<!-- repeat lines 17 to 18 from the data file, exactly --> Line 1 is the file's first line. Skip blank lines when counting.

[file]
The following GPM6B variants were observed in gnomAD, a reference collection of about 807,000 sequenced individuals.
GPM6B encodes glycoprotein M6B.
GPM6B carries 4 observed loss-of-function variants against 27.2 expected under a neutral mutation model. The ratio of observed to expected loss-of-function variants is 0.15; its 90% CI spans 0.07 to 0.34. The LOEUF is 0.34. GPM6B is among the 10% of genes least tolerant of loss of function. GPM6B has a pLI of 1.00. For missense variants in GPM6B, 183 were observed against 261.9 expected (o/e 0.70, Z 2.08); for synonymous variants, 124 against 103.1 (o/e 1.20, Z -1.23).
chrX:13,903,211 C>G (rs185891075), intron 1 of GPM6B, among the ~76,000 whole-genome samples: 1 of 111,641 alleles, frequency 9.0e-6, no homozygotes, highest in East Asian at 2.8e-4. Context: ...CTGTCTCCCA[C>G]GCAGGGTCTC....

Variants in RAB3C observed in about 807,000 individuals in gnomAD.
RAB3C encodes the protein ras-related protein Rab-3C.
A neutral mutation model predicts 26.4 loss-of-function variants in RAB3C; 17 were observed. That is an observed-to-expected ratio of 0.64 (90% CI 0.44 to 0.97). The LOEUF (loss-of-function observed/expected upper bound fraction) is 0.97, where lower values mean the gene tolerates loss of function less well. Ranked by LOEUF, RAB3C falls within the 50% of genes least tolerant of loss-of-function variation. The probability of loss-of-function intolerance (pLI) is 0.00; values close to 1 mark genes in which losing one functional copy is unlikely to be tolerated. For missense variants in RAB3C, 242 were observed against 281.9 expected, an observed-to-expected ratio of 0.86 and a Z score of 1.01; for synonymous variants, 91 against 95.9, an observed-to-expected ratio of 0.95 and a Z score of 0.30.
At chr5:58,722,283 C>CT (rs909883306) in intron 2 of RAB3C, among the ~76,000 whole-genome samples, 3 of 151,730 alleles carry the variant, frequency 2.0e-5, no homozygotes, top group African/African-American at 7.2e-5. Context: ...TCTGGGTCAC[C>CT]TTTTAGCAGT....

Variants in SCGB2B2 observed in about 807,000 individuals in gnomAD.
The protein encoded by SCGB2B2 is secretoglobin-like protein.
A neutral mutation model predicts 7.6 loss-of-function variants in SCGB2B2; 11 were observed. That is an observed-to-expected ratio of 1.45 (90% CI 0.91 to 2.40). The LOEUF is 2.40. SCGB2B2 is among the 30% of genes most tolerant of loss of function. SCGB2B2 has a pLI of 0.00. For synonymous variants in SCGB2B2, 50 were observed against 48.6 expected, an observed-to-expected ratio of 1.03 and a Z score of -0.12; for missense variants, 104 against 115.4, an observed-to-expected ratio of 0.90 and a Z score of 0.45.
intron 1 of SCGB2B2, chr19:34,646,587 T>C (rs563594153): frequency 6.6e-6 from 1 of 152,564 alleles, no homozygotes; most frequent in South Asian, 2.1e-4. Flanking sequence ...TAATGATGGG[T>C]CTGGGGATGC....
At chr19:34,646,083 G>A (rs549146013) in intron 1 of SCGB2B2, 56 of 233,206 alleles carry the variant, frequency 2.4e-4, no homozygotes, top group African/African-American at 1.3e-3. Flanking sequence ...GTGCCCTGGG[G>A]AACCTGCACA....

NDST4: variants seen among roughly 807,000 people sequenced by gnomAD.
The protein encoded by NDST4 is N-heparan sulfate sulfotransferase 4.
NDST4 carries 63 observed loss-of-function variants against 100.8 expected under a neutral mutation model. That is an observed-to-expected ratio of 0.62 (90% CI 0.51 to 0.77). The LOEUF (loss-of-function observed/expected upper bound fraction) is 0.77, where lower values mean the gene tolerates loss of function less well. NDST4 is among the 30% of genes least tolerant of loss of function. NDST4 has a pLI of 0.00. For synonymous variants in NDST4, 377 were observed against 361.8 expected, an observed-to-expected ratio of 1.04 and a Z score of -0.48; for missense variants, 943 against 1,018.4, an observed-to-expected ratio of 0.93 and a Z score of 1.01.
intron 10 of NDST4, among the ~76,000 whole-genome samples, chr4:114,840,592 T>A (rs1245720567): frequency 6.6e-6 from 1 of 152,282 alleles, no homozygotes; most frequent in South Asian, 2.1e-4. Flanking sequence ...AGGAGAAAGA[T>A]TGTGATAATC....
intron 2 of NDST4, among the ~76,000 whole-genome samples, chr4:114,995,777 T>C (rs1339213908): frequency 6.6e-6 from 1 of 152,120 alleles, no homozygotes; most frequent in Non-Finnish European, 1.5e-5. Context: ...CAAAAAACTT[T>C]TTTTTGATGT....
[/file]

intron 10 of NDST4, among the ~76,000 whole-genome samples, chr4:114,840,592 T>A (rs1245720567): frequency 6.6e-6 from 1 of 152,282 alleles, no homozygotes; most frequent in South Asian, 2.1e-4. Flanking sequence ...AGGAGAAAGA[T>A]TGTGATAATC....
intron 2 of NDST4, among the ~76,000 whole-genome samples, chr4:114,995,777 T>C (rs1339213908): frequency 6.6e-6 from 1 of 152,120 alleles, no homozygotes; most frequent in Non-Finnish European, 1.5e-5. Context: ...CAAAAAACTT[T>C]TTTTTGATGT....